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Sparkman: Even in Hong Kong, Northern Dancer is king
The post-World War II internationalization of Thoroughbred racing began officially in 1952 with the inauguration of the Washington, D.C., International at Laurel Racecourse. First won by English-trained Wilwyn, the International was the first annual event specifically designed to attract horses from both Europe and the U.S.
Laurel’s late owner John Shapiro, the inventor of the International, would hardly recognize the international landscape of Thoroughbred racing in the 21st century, an era characterized by huge, multi-race events that attract top horses from all over the globe. Not least among those international events is Hong Kong’s International Races festival held last weekend at Sha Tin.
The four-race international Group 1 sequence – the 2,000-meter Hong Kong Cup, 1,600-meter Hong Kong Mile, 1,200-meter Hong Kong Sprint, and 2,400-meter Hong Kong Vase – offers more than $10 million in total prize money, sufficient to attract horses from all over the globe, including America. The four 2015 races included horses from Japan, Hong Kong, America, England, Australia, France, Ireland, and New Zealand, a pretty thorough representation of the global industry.
The two American representatives, Breeders’ Cup Turf Sprint winner Mongolian Saturday and BC Turf Sprint third-place finisher Green Mask, were out of luck in the Sprint, finishing fifth and eighth, respectively, and Japanese runners dominated the day by taking the two richest races, the $3.2 million Hong Kong Cup with A Shin Hikari, and the $3 million Hong Kong Mile with Maurice. Regardless of the country where the winners were trained or born, however, their pedigrees reflect the global nature of 21st-century racing.
Bred in Japan by K.K. Eishindo, A Shin Hikari is one of 73 stakes winners to date by Deep Impact, who is certain to be leading Japanese sire for the fourth consecutive year this season. That leaves Deep Impact, who is generally considered to be Japan’s greatest racehorse, nine short of the record 13 consecutive Japanese sire championships earned by his sire, 1989 American Horse of the Year Sunday Silence.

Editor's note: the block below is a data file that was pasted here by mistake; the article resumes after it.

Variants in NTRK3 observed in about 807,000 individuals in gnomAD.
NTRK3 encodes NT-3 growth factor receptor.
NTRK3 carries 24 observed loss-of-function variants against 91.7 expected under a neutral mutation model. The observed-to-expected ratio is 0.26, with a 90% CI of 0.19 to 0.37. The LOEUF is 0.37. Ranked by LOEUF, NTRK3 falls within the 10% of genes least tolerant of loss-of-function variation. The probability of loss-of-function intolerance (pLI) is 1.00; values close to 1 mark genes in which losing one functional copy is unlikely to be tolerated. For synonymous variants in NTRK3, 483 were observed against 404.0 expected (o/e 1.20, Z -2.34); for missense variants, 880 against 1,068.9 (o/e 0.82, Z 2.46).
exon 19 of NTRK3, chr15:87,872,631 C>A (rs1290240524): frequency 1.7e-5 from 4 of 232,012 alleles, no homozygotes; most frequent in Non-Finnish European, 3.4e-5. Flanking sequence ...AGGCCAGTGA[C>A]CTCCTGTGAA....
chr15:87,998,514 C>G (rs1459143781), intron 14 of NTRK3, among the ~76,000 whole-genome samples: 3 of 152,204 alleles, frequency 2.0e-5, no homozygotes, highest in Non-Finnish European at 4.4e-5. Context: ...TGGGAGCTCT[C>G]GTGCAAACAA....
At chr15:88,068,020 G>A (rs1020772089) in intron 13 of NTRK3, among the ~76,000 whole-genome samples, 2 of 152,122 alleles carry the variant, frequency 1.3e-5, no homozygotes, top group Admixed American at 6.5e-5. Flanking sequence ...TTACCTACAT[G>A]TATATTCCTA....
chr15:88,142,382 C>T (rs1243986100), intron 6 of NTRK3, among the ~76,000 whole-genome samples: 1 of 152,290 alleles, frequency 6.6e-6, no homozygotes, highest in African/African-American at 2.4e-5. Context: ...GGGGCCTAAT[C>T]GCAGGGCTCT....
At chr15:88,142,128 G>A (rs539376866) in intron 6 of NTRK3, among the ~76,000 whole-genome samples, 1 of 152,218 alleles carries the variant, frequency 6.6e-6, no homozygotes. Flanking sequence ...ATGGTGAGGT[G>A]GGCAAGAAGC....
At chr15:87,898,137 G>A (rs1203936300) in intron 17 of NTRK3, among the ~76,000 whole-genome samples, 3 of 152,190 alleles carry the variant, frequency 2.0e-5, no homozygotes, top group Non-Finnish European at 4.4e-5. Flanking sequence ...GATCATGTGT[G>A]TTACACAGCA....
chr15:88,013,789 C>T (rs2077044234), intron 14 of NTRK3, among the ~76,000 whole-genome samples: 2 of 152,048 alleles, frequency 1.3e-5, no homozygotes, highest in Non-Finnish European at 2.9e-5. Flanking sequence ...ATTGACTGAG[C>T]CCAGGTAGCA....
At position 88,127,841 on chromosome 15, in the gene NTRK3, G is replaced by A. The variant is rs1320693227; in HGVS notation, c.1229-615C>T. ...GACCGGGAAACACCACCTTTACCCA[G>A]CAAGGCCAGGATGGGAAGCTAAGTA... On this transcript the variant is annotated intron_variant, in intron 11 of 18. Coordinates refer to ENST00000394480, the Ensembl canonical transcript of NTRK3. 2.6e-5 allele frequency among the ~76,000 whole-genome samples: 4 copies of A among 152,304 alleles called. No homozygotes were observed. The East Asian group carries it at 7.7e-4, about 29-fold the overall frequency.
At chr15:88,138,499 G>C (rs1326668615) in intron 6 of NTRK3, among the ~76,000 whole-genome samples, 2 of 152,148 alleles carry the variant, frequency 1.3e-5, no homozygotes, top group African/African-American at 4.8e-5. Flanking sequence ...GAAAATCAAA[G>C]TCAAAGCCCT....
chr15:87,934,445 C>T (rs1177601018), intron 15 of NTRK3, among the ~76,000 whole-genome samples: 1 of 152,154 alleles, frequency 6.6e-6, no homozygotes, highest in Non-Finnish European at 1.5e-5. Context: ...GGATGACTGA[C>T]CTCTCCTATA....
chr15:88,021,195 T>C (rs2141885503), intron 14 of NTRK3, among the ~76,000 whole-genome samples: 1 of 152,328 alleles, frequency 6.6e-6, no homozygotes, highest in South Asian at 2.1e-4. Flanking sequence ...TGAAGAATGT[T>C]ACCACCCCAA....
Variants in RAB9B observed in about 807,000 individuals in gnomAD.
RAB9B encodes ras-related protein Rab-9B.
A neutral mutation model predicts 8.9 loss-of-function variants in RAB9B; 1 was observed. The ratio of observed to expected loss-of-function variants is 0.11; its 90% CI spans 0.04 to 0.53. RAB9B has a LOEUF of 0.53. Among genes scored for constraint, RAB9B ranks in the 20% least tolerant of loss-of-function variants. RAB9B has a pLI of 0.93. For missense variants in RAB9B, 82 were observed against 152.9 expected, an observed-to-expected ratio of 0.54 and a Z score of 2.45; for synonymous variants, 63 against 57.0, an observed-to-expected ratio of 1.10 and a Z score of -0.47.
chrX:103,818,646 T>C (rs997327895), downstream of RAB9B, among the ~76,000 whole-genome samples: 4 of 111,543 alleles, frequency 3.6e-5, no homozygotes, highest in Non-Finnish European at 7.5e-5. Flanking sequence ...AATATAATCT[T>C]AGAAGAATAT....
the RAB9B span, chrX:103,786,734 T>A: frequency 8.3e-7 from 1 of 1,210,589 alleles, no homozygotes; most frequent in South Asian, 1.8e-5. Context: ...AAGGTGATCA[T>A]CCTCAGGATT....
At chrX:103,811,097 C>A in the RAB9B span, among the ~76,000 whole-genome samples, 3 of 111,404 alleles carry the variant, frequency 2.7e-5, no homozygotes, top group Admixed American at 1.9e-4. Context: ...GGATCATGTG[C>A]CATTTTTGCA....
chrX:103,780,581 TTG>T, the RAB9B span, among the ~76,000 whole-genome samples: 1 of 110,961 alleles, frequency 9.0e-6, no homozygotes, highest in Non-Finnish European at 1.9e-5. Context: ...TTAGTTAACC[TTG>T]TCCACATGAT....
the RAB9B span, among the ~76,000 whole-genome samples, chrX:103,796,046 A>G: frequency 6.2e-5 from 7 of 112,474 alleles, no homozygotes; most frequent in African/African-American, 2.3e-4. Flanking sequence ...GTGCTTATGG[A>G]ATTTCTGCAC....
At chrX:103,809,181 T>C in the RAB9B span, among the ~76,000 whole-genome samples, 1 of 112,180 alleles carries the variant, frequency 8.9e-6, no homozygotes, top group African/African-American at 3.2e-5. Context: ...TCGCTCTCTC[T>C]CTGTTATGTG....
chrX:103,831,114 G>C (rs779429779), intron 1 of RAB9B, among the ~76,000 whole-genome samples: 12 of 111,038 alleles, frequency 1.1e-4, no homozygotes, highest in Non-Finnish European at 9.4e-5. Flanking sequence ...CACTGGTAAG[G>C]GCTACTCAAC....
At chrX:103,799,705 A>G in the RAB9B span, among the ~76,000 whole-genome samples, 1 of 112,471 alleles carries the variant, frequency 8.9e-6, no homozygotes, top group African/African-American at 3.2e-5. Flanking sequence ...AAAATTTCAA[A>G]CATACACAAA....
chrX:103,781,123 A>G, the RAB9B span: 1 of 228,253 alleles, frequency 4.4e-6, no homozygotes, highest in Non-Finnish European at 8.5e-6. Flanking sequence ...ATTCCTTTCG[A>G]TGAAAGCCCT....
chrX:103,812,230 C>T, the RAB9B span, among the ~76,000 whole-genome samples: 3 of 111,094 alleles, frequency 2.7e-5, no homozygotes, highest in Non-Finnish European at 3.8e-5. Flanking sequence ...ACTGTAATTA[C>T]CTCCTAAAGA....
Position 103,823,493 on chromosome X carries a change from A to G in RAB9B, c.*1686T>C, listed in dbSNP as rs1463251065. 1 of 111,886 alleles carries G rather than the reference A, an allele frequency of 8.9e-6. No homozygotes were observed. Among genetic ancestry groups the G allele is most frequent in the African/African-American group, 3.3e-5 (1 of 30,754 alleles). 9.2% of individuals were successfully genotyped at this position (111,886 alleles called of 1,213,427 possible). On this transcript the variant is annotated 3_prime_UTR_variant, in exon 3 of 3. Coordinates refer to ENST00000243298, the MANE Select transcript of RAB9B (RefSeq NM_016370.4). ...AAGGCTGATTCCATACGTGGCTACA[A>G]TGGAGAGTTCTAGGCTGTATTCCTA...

Deep Impact’s pedigree is emblematic of the tactics Japanese breeders used, beginning with top breeder Zenya Yoshida in the 1970s, to upgrade their stock to international standards. Deep Impact’s dam, Wind in Her Hair, by Alzao, is a Group 1-winning mare from the great English family descending from 1936 1000 Guineas runner-up Feola that includes American Hall of Famer Round Table, among many others.
A Shin Hikari’s dam, Catalina, by Storm Cat, is an American-bred, purchased for $135,000 by Eishindo’s agent, Kay Shigeta’s Silky Green, at the 1996 Keeneland April sale of 2-year-olds in training. Raced in the U.S., Catalina won three races and $55,250, and is from the great American family of foundation mare Lea Lark, by Bull Lea.
A Shin Hikari is bred in the purple by any international standard, but the pedigree of Hong Kong Mile winner Maurice is considerably more Japan-centric. His sire, Screen Hero, was one of the best sons of the American-bred Grass Wonder, the champion Japanese 2-year-old colt of 1997 who trained on to win two editions of the Group 1 Arima Kinen, Japan’s year-end championship where the entries are decided by a popular vote. By Silver Hawk out of Ameriflora, by Danzig, Grass Wonder was a full brother to American Grade 1 winner Wonder Again from the great Darby Dan family tracing to the Swaps mare Soaring.
Grass Wonder was only moderately successful as a stallion, and Screen Hero was one of two Group 1 winners he sired, earning champion Japanese older horse honors in 2008. Screen Hero’s dam, Running Heroine, provides the requisite cross of Sunday Silence for a top contemporary Japanese runner, and her dam is by Northern Taste, Zenya Yoshida’s first great Japanese leading sire imported from America.